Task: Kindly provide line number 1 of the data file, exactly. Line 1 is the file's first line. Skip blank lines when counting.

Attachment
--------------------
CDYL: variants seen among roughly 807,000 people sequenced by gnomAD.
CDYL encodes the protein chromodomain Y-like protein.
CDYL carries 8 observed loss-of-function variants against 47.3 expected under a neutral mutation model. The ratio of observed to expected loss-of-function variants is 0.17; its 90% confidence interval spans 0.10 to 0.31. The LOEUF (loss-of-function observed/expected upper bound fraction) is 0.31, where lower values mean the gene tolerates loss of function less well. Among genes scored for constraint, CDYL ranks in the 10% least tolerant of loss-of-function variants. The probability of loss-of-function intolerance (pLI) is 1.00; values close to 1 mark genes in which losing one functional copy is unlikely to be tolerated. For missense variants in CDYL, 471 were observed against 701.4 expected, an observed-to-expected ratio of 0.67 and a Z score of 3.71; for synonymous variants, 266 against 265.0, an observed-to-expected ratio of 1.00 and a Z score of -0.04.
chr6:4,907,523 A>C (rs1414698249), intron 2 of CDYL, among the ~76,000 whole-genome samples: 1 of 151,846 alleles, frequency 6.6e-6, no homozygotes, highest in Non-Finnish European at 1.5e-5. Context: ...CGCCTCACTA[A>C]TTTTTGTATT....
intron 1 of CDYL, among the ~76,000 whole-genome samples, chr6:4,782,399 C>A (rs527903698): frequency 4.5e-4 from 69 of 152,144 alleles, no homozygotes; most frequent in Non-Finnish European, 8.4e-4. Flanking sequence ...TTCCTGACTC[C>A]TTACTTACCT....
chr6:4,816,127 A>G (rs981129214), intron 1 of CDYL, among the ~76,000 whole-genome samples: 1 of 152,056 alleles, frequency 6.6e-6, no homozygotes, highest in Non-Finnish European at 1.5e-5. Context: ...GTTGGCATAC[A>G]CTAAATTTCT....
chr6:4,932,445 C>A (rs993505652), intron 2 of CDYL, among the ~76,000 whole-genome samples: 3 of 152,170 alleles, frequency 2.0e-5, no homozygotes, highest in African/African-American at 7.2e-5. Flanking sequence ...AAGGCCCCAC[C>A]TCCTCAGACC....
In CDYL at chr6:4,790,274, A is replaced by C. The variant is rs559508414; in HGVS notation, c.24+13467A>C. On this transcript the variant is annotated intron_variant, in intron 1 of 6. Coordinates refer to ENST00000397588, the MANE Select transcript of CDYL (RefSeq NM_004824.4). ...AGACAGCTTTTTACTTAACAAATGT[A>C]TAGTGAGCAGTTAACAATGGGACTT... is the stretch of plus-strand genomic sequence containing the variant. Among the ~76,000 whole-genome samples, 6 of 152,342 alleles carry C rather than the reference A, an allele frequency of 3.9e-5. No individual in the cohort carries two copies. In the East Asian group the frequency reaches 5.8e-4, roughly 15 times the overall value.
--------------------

CDYL: variants seen among roughly 807,000 people sequenced by gnomAD.